UN panel calls for stronger carbon, transportation taxes
The United Nations' High Level Advisory Group on Climate Change Finance has called for a strengthening of taxes on carbon and international transportation in order to raise 100 billion dollars to help poor countries address climate change.
The report proposed a series of measures that the UN Secretary General Ban Ki Moon called "financially feasible and politically viable." Specifically, it proposed a carbon price of between $20-25 per tonne, raising up to $30 billion, a tax on international transportation raising $10 billion, removal of fossil fuel subsidies generating $10 billion, with tens of billions also flowing from private capital and international financial institutions.
The group's report was designed to feed into discussion on financing at the UNFCCC meeting in Cancun. Chaired by the Prime Ministers of Norway and Ethiopia, the group includes high level representation from national governments, intergovernmental organisations, development banks and other experts including Lord Nicholas Stern and American financier George Soros.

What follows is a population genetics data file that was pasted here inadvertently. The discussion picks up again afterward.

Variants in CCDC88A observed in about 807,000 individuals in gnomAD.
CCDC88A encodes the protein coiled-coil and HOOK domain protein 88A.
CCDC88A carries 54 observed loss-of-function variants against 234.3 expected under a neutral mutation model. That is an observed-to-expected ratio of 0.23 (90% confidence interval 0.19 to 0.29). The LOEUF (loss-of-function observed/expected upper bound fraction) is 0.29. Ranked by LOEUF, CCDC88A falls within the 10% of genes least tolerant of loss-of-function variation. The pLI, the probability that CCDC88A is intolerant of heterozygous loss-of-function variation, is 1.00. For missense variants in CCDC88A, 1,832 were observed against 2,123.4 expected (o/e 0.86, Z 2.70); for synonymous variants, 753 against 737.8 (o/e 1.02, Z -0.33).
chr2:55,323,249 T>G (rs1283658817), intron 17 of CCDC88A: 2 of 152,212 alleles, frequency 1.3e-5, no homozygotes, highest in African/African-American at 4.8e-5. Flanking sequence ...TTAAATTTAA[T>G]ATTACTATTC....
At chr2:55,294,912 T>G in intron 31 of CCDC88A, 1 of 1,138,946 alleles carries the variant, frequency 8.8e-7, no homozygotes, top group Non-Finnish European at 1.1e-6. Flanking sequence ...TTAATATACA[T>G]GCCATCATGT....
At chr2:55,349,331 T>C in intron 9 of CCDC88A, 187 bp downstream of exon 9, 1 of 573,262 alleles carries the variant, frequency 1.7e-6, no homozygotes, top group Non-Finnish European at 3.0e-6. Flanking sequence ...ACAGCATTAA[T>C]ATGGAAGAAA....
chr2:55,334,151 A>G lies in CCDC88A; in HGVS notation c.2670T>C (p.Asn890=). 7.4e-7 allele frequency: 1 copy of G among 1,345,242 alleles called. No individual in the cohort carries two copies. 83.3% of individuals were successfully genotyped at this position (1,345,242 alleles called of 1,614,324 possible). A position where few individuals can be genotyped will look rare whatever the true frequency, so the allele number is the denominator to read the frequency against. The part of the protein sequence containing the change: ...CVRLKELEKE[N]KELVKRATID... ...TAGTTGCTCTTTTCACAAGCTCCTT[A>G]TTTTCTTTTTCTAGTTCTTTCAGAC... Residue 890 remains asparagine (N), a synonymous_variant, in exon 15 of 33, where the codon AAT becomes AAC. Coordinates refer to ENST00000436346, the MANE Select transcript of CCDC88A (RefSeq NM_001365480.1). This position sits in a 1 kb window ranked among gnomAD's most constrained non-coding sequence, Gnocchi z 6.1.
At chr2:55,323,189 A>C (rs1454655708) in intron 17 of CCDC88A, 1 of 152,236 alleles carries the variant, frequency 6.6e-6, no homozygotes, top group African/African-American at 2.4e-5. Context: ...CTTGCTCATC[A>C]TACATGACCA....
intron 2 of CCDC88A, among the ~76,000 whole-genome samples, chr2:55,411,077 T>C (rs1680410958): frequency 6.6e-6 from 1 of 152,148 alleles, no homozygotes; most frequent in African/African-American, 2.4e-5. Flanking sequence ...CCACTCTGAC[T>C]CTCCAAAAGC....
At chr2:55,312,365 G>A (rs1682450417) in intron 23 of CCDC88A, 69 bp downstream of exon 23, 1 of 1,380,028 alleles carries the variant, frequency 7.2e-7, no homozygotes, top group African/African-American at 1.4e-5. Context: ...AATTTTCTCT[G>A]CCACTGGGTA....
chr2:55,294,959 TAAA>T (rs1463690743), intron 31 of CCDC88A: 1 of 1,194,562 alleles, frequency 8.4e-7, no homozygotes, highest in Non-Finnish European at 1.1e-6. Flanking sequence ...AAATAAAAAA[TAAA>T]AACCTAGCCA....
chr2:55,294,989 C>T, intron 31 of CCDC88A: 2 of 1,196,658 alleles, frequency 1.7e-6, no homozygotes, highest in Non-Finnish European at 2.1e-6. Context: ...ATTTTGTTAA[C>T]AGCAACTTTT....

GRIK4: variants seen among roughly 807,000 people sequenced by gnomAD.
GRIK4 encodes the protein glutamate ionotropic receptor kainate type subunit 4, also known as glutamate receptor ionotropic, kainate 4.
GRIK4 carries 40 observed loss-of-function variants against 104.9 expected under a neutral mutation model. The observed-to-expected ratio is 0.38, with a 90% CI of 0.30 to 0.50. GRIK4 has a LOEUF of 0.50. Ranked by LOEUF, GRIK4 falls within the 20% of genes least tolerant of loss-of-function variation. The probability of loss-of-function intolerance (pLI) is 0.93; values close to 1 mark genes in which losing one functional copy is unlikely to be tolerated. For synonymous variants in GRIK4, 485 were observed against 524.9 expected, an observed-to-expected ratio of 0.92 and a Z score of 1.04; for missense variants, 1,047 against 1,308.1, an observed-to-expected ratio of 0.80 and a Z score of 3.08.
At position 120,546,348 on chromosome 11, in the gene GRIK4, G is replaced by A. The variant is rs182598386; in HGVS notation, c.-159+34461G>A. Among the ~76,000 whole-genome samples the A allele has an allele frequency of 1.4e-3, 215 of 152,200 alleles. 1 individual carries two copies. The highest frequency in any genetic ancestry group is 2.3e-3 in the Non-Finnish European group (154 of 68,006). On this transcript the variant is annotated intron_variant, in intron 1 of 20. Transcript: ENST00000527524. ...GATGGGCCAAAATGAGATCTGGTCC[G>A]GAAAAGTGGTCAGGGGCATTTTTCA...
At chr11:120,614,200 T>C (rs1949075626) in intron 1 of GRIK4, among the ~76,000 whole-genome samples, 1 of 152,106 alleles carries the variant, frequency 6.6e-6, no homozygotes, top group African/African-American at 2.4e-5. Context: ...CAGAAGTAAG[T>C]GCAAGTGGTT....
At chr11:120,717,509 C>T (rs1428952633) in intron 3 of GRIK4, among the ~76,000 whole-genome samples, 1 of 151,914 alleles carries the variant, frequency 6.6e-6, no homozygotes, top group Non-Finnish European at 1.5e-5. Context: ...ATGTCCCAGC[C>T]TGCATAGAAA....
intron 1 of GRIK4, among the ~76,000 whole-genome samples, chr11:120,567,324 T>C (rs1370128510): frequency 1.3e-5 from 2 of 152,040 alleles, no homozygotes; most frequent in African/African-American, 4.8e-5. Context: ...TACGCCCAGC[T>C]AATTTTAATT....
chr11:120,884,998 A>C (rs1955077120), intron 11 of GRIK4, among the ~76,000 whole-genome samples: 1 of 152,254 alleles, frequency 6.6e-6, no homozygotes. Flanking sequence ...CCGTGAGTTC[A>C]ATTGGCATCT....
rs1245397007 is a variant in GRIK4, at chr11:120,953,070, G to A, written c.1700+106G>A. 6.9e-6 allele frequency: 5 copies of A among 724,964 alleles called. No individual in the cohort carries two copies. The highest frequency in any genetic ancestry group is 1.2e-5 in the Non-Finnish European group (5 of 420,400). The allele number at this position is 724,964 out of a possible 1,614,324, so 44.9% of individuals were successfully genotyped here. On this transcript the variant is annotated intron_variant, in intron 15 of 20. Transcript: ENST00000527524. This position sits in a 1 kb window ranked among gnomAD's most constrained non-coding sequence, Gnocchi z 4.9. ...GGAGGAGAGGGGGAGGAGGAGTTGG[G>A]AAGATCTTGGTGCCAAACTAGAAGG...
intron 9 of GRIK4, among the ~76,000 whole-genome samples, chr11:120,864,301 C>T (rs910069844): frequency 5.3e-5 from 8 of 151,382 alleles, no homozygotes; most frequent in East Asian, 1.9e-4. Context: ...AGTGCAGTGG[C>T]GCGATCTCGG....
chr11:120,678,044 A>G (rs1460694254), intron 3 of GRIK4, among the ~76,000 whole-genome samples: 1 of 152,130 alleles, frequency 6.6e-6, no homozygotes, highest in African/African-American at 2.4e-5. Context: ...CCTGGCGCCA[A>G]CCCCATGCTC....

"Unless developed country governments keep their promise to provide long-term finance, a global agreement on climate action would be nearly impossible to reach," said Greenpeace International in a statement.
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